On the surface, Maniac is the epitome of late-seventies/early-eighties sleaze, with a grungy low-budget vibe that was the hallmark of exploitation cinema of the era. It’s one of the most violent films of its time, with some truly stomach-turning effects work courtesy of Tom Savini (who also has a very memorable cameo in the film), and a misogynistic streak a mile wide. Banned outright by the BBFC (the film has long been thought to be amongst the first of the “Video Nasties”, but, in reality, it was never on that infamous list), Maniac’s reputation preceded it when it debuted on home video, where it built up a healthy cult-following. Over time, the films rabid fans and cineastes, alike, have looked beyond the buckets of blood and ghastly premise and have lauded Maniac for what it truly is - a compelling, disturbing, and, ultimately, tragic character study of a man in the throes of madness. Fueled by a bravura performance by the late Joe Spinell, Maniac is more of a psychological horror film than a simple slasher, and, in my mind, this critically reviled film offers the most chilling depiction of the mind of a mass murderer this side of Henry: Portrait of a Serial Killer (which, somewhat ironically, was a critical darling despite being no less violent or misogynistic).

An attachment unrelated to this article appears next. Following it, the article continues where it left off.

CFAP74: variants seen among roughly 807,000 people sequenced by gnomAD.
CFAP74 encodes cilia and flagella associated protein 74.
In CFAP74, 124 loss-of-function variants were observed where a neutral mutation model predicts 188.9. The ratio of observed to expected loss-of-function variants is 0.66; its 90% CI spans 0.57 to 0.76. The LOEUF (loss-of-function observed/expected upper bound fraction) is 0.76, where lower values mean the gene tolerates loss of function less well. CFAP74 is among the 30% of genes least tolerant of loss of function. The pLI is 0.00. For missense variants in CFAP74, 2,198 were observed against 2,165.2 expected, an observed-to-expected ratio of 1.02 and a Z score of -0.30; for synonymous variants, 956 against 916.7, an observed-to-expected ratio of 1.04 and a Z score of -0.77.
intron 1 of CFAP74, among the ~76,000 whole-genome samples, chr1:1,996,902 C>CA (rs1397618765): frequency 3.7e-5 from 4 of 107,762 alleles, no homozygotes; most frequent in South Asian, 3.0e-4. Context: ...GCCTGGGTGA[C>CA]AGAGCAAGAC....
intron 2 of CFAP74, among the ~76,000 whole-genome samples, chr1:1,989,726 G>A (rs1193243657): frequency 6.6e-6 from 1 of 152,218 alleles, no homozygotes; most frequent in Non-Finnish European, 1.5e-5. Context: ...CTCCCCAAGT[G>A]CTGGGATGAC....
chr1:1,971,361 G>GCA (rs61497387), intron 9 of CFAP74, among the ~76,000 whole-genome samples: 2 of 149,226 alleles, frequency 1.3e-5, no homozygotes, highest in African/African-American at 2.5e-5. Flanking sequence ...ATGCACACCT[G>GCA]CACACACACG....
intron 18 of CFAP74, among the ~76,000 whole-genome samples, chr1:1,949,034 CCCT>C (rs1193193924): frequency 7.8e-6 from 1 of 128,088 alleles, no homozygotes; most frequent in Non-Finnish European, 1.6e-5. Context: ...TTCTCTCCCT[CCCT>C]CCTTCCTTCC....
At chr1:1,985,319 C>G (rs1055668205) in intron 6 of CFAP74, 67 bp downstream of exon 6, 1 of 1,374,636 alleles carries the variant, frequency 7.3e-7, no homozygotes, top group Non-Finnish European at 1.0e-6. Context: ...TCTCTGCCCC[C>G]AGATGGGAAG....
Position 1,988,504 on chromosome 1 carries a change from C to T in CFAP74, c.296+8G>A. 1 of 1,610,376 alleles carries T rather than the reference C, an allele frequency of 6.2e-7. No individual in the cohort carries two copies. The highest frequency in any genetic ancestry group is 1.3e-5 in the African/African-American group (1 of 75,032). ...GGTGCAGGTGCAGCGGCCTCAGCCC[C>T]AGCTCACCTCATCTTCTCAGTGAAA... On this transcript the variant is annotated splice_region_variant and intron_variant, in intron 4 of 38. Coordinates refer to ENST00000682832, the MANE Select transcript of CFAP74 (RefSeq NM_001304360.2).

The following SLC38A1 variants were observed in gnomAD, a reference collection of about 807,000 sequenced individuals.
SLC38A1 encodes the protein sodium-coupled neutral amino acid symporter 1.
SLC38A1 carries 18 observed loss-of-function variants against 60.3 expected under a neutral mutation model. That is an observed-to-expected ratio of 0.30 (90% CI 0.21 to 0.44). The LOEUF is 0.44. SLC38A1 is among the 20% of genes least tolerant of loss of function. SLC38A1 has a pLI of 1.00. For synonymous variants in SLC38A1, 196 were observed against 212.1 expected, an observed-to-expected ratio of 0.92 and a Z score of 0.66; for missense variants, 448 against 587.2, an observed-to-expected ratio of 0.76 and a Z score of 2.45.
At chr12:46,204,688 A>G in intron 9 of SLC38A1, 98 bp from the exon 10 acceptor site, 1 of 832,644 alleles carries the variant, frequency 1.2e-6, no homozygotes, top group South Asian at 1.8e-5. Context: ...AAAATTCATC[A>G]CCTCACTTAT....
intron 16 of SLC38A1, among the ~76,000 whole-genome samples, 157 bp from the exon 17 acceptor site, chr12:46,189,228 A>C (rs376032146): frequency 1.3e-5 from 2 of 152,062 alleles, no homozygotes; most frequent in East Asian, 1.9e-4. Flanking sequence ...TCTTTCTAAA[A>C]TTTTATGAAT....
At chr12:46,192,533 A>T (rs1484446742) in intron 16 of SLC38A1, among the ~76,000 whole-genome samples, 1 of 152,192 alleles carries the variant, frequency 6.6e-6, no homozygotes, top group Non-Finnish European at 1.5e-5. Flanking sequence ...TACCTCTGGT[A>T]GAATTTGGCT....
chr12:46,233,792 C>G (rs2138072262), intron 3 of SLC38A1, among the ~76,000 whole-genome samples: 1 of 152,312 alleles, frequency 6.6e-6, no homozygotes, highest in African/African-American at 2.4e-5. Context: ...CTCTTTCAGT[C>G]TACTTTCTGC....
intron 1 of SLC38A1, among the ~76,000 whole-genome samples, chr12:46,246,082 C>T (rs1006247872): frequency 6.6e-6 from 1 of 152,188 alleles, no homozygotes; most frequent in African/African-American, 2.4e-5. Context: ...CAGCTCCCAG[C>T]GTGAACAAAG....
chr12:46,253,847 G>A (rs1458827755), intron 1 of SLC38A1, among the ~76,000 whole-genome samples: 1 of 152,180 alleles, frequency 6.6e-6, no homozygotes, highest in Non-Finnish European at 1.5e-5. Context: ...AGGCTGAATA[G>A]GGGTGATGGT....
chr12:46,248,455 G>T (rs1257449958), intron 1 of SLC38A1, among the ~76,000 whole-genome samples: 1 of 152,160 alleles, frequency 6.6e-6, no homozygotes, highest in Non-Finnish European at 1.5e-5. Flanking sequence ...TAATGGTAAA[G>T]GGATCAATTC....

Celebrating the film’s 30th Anniversary, Blue Underground have pulled out all the stops with a fantastic, 2 disc set, featuring a remastered print of the film, and hours of extras. The film, itself, looks about as good as one can expect for a movie culled from an original 16mm source print, but, on occasion, one will notice a softness to the image that I can only assume is the result of excess digital noise reduction. There’s a fine cinematic grain, throughout, but anyone who has seen the film in its original DVD incarnation will immediately notice that the grain has been reduced substantially. Personally, I’d rather have the excess grain that the sort of soft focus result of cleaning it up, but, overall, I have to admit that the image looks pretty damned good when compared to previous releases. There’s definitely an improvement in terms of fine detail, most evident in close-ups, while artifacts and print damage have been cleaned up quite nicely. I did notice a bit of “blockiness” in the blacks on occasion, but that’s to be expected in any restoration of a film with such low-resolution source. The bottom line is that this is as good as Maniac will probably ever look, and that’s good enough for me.